Platform for African – European Partnership in Agricultural Research for Development

Monday, June 30, 2014

Mechanization of conservation agriculture slashes farming costs

11 June 2014. IFAD. FARMERS can increase yields, efficiency and drastically reduce the cost of ploughing, planting and weeding in the 2014 season following the introduction of mechanized Conservation Agriculture (CA). The new innovation that is being rolled out by the Lower Usuthu Sustainable Land Management (LUSLM) project (Zimbabwe), funded by the International Fund For Agricultural Development (IFAD) and the Global Environment Facility (GEF), uses tractor drawn Conservation Agriculture implements.

Using mechanized conservation agriculture, a farmer can complete land preparation, fertilizing and planting all
in one operation and in a fraction of the time it takes with conventional ploughing. This method uses the principles of minimum soil tillage, or “Climate Smart” agriculture practices.
  • A 4x4 John Deer 5503 supplied by Swazi Trac in Matsapha rigged with a 5-tooth rippertyne was unveiled during the first demonstration. The designated field was just over a hectare, where Lindiwe Magagula (a local farmer) intended to grow legumes.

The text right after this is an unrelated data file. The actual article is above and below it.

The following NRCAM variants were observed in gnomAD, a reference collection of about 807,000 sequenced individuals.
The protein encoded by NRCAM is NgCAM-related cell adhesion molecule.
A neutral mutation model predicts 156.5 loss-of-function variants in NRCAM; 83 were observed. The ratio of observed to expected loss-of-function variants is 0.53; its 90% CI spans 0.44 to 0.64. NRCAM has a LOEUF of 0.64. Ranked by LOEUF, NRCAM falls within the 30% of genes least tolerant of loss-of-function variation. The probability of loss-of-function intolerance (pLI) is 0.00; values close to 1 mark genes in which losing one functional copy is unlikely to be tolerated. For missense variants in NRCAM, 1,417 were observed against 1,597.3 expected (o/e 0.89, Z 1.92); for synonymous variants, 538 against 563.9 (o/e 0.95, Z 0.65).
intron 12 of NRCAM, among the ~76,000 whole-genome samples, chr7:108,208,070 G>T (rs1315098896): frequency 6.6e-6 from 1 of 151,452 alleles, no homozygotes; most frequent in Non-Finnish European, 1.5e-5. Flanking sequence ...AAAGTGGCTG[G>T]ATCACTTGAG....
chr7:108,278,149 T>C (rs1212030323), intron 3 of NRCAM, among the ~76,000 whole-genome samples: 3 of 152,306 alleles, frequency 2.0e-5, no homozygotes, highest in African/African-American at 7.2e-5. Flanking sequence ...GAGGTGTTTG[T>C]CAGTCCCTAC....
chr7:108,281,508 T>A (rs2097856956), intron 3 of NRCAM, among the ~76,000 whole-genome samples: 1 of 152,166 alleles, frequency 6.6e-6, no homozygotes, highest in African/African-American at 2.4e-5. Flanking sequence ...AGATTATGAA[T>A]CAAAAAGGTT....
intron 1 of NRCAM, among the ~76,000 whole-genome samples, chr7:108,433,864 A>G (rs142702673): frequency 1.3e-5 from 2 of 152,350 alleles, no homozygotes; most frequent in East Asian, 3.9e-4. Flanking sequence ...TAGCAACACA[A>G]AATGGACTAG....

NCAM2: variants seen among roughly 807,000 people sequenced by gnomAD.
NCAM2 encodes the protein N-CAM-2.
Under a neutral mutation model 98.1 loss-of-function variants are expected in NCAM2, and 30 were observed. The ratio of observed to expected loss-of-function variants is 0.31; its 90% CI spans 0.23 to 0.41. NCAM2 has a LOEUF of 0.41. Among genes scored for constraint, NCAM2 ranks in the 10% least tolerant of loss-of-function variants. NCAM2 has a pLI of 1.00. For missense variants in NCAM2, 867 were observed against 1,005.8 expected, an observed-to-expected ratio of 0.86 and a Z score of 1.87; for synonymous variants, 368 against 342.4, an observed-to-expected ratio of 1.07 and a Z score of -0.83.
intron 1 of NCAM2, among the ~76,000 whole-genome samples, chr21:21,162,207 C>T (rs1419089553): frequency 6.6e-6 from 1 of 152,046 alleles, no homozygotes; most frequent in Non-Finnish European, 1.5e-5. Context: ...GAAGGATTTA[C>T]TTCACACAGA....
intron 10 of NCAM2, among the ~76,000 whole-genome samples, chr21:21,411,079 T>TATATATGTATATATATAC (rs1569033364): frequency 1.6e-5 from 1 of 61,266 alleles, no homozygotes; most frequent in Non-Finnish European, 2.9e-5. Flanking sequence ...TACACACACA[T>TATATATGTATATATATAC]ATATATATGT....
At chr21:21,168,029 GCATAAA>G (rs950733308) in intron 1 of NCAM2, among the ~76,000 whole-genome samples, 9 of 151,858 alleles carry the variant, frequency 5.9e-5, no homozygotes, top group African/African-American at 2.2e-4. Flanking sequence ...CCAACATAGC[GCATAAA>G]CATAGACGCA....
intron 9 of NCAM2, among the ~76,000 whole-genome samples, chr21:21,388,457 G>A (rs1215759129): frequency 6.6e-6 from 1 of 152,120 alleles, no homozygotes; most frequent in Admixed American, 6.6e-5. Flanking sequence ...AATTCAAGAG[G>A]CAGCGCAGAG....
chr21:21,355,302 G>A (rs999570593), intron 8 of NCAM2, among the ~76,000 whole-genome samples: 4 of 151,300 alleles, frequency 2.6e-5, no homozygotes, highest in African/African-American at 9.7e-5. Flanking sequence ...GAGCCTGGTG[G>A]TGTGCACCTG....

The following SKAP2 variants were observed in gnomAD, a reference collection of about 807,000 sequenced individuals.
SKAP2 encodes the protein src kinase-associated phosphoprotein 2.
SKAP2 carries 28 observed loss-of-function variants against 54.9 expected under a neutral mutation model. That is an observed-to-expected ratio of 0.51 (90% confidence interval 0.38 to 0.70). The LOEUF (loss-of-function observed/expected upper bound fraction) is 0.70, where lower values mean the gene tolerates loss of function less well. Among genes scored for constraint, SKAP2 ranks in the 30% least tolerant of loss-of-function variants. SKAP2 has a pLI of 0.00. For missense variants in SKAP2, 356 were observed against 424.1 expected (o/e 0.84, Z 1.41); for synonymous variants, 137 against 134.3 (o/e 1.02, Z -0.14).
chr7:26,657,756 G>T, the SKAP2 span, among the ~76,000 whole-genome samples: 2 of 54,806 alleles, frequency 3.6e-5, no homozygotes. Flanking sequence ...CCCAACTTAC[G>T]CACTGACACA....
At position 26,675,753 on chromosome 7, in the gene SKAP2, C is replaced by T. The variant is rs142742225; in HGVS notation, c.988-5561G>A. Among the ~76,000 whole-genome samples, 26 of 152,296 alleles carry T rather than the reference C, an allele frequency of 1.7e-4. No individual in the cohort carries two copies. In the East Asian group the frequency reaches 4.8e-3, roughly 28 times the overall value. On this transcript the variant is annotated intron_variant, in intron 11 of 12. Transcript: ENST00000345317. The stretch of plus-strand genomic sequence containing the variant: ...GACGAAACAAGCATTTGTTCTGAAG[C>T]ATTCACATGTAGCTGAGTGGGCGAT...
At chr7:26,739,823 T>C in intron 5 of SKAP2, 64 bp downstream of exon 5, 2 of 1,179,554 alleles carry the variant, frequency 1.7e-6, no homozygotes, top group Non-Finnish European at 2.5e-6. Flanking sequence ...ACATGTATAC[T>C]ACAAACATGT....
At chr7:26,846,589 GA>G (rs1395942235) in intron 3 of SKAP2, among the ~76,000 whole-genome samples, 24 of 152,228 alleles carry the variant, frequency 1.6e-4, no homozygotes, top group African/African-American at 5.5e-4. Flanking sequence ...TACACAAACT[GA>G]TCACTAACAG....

• When the tractor starts, the ripper opens five trenches that are almost 25-30 centimetres deep and 45 centimetres apart. The ripper leaves rows of grass between the trenches. Norman Mavuso, a sustainable Agriculture Coordinator, showed Lindiwe how to mix the herbicide and using a sprayer on her back, how to spray the grass with a special Springbok herbicide to dry the grass so that it forms a mulch cover between the rows of plants.
  • The reduced tillage equipment makes it possible for the tractor to open planting lines, apply fertilizer, seed and cover in one pass. The fertilizer dispenser is able to place fertilizer on one side of the trench and the seed on the other, eliminating the danger of the seed being scorched.
5 June 5 - 12 June, 2014.  Mulindi, Rwanda. 9th annual National Agri-show. The expo, was organized by Minagri under the theme, 'Transforming Agriculture for Shared Prosperity and Improved Livelihoods.' It attracted over 100 exhibitors from 11 countries, namely Burundi, Tanzania, Kenya, Uganda, Democratic Republic of Congo, South Africa, India, France, USA, Swaziland and Rwanda.
CIMBRIA, a Danish agri-business processing firm is making in-roads in East Africa with a subsidiary company with main offices in Nairobi Kenya. CIMBRIA does not only deal in construction of grain plants but also provides support services which may include training farmers on how to use the machines, plus some technical advice.The company has over 40 employees from East Africa with hope to get more if fully established in Rwanda.

""We provide post-harvest machinery for handling grains such as maize, beans, rice, coffee among others," Wanjohi said. We want to extend our services to Burundi and Congo and this will be so with collaboration with the government," Peter Wanjohi the Technical Sales Assistant at CIMBRIA East Africa Ltd

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